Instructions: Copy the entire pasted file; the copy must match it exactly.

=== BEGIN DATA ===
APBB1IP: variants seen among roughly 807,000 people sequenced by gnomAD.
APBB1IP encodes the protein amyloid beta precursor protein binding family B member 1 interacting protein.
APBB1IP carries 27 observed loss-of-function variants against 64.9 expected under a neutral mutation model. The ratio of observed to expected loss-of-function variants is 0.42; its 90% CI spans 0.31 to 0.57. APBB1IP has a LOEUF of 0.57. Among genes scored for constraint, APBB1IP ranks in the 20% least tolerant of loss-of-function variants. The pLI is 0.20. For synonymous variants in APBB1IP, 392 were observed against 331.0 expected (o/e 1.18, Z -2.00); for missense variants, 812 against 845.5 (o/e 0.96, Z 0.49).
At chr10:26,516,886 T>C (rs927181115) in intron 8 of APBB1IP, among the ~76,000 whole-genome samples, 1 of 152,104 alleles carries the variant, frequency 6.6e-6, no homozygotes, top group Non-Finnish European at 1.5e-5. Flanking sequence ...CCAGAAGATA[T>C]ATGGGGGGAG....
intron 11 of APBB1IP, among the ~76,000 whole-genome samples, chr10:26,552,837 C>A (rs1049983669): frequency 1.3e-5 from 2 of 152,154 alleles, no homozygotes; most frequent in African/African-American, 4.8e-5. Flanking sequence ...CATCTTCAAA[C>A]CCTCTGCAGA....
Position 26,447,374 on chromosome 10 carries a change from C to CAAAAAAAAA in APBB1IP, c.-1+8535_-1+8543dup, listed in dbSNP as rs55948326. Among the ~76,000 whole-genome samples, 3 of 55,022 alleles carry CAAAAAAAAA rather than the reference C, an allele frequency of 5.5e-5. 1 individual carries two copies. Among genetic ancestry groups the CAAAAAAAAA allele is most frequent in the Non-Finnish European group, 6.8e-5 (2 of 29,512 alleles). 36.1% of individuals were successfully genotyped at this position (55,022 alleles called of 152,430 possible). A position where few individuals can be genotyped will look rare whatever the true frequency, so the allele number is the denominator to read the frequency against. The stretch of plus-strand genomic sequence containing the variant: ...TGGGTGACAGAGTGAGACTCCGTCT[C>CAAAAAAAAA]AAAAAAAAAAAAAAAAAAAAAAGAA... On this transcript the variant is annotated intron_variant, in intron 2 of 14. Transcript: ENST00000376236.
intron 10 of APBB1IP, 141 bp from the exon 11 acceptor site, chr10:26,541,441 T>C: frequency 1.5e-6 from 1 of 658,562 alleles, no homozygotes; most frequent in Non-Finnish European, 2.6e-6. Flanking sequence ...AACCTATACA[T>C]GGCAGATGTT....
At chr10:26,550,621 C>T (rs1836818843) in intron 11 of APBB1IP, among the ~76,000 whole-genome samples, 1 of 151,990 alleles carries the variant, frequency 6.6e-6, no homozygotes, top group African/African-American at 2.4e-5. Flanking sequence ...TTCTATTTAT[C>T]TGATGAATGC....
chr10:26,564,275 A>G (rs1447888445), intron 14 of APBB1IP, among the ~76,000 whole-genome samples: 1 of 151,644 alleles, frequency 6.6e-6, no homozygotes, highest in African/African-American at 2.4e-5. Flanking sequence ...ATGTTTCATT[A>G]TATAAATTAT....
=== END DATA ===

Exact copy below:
APBB1IP: variants seen among roughly 807,000 people sequenced by gnomAD.
APBB1IP encodes the protein amyloid beta precursor protein binding family B member 1 interacting protein.
APBB1IP carries 27 observed loss-of-function variants against 64.9 expected under a neutral mutation model. The ratio of observed to expected loss-of-function variants is 0.42; its 90% CI spans 0.31 to 0.57. APBB1IP has a LOEUF of 0.57. Among genes scored for constraint, APBB1IP ranks in the 20% least tolerant of loss-of-function variants. The pLI is 0.20. For synonymous variants in APBB1IP, 392 were observed against 331.0 expected (o/e 1.18, Z -2.00); for missense variants, 812 against 845.5 (o/e 0.96, Z 0.49).
At chr10:26,516,886 T>C (rs927181115) in intron 8 of APBB1IP, among the ~76,000 whole-genome samples, 1 of 152,104 alleles carries the variant, frequency 6.6e-6, no homozygotes, top group Non-Finnish European at 1.5e-5. Flanking sequence ...CCAGAAGATA[T>C]ATGGGGGGAG....
intron 11 of APBB1IP, among the ~76,000 whole-genome samples, chr10:26,552,837 C>A (rs1049983669): frequency 1.3e-5 from 2 of 152,154 alleles, no homozygotes; most frequent in African/African-American, 4.8e-5. Flanking sequence ...CATCTTCAAA[C>A]CCTCTGCAGA....
Position 26,447,374 on chromosome 10 carries a change from C to CAAAAAAAAA in APBB1IP, c.-1+8535_-1+8543dup, listed in dbSNP as rs55948326. Among the ~76,000 whole-genome samples, 3 of 55,022 alleles carry CAAAAAAAAA rather than the reference C, an allele frequency of 5.5e-5. 1 individual carries two copies. Among genetic ancestry groups the CAAAAAAAAA allele is most frequent in the Non-Finnish European group, 6.8e-5 (2 of 29,512 alleles). 36.1% of individuals were successfully genotyped at this position (55,022 alleles called of 152,430 possible). A position where few individuals can be genotyped will look rare whatever the true frequency, so the allele number is the denominator to read the frequency against. The stretch of plus-strand genomic sequence containing the variant: ...TGGGTGACAGAGTGAGACTCCGTCT[C>CAAAAAAAAA]AAAAAAAAAAAAAAAAAAAAAAGAA... On this transcript the variant is annotated intron_variant, in intron 2 of 14. Transcript: ENST00000376236.
intron 10 of APBB1IP, 141 bp from the exon 11 acceptor site, chr10:26,541,441 T>C: frequency 1.5e-6 from 1 of 658,562 alleles, no homozygotes; most frequent in Non-Finnish European, 2.6e-6. Flanking sequence ...AACCTATACA[T>C]GGCAGATGTT....
At chr10:26,550,621 C>T (rs1836818843) in intron 11 of APBB1IP, among the ~76,000 whole-genome samples, 1 of 151,990 alleles carries the variant, frequency 6.6e-6, no homozygotes, top group African/African-American at 2.4e-5. Flanking sequence ...TTCTATTTAT[C>T]TGATGAATGC....
chr10:26,564,275 A>G (rs1447888445), intron 14 of APBB1IP, among the ~76,000 whole-genome samples: 1 of 151,644 alleles, frequency 6.6e-6, no homozygotes, highest in African/African-American at 2.4e-5. Flanking sequence ...ATGTTTCATT[A>G]TATAAATTAT....